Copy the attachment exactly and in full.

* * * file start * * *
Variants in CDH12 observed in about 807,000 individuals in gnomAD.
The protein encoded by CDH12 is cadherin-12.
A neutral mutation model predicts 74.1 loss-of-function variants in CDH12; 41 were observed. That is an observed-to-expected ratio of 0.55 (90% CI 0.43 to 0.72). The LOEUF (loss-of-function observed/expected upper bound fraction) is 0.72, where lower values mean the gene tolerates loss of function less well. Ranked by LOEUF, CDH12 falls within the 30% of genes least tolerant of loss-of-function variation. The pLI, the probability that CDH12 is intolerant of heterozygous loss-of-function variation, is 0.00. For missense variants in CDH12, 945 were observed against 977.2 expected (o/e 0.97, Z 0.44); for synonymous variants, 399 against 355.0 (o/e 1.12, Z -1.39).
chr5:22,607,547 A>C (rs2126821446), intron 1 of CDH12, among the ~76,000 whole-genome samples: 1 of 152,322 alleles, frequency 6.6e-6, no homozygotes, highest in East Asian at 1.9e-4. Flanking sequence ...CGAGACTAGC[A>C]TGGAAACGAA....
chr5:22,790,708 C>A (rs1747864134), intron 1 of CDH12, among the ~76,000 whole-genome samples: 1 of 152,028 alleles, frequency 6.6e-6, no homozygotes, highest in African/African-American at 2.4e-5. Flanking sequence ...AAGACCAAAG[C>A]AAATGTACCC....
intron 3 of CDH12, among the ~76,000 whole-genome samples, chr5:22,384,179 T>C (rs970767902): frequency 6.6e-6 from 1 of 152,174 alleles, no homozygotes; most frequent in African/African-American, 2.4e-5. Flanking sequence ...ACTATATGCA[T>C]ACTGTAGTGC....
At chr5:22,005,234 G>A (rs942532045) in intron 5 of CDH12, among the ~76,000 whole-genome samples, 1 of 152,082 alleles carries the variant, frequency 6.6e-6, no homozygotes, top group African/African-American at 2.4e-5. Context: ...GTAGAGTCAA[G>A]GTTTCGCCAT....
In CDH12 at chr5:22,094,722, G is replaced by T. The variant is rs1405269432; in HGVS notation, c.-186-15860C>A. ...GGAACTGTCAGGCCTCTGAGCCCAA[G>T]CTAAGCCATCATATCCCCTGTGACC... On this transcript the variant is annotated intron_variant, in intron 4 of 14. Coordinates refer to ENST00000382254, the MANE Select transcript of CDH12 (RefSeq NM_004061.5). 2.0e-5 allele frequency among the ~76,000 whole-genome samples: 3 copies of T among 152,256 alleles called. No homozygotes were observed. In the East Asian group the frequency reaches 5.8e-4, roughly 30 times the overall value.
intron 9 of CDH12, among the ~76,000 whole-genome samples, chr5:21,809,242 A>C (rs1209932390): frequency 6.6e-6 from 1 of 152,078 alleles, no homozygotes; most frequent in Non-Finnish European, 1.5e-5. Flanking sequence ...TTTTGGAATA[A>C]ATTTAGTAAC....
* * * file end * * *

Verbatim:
Variants in CDH12 observed in about 807,000 individuals in gnomAD.
The protein encoded by CDH12 is cadherin-12.
A neutral mutation model predicts 74.1 loss-of-function variants in CDH12; 41 were observed. That is an observed-to-expected ratio of 0.55 (90% CI 0.43 to 0.72). The LOEUF (loss-of-function observed/expected upper bound fraction) is 0.72, where lower values mean the gene tolerates loss of function less well. Ranked by LOEUF, CDH12 falls within the 30% of genes least tolerant of loss-of-function variation. The pLI, the probability that CDH12 is intolerant of heterozygous loss-of-function variation, is 0.00. For missense variants in CDH12, 945 were observed against 977.2 expected (o/e 0.97, Z 0.44); for synonymous variants, 399 against 355.0 (o/e 1.12, Z -1.39).
chr5:22,607,547 A>C (rs2126821446), intron 1 of CDH12, among the ~76,000 whole-genome samples: 1 of 152,322 alleles, frequency 6.6e-6, no homozygotes, highest in East Asian at 1.9e-4. Flanking sequence ...CGAGACTAGC[A>C]TGGAAACGAA....
chr5:22,790,708 C>A (rs1747864134), intron 1 of CDH12, among the ~76,000 whole-genome samples: 1 of 152,028 alleles, frequency 6.6e-6, no homozygotes, highest in African/African-American at 2.4e-5. Flanking sequence ...AAGACCAAAG[C>A]AAATGTACCC....
intron 3 of CDH12, among the ~76,000 whole-genome samples, chr5:22,384,179 T>C (rs970767902): frequency 6.6e-6 from 1 of 152,174 alleles, no homozygotes; most frequent in African/African-American, 2.4e-5. Flanking sequence ...ACTATATGCA[T>C]ACTGTAGTGC....
At chr5:22,005,234 G>A (rs942532045) in intron 5 of CDH12, among the ~76,000 whole-genome samples, 1 of 152,082 alleles carries the variant, frequency 6.6e-6, no homozygotes, top group African/African-American at 2.4e-5. Context: ...GTAGAGTCAA[G>A]GTTTCGCCAT....
In CDH12 at chr5:22,094,722, G is replaced by T. The variant is rs1405269432; in HGVS notation, c.-186-15860C>A. ...GGAACTGTCAGGCCTCTGAGCCCAA[G>T]CTAAGCCATCATATCCCCTGTGACC... On this transcript the variant is annotated intron_variant, in intron 4 of 14. Coordinates refer to ENST00000382254, the MANE Select transcript of CDH12 (RefSeq NM_004061.5). 2.0e-5 allele frequency among the ~76,000 whole-genome samples: 3 copies of T among 152,256 alleles called. No homozygotes were observed. In the East Asian group the frequency reaches 5.8e-4, roughly 30 times the overall value.
intron 9 of CDH12, among the ~76,000 whole-genome samples, chr5:21,809,242 A>C (rs1209932390): frequency 6.6e-6 from 1 of 152,078 alleles, no homozygotes; most frequent in Non-Finnish European, 1.5e-5. Flanking sequence ...TTTTGGAATA[A>C]ATTTAGTAAC....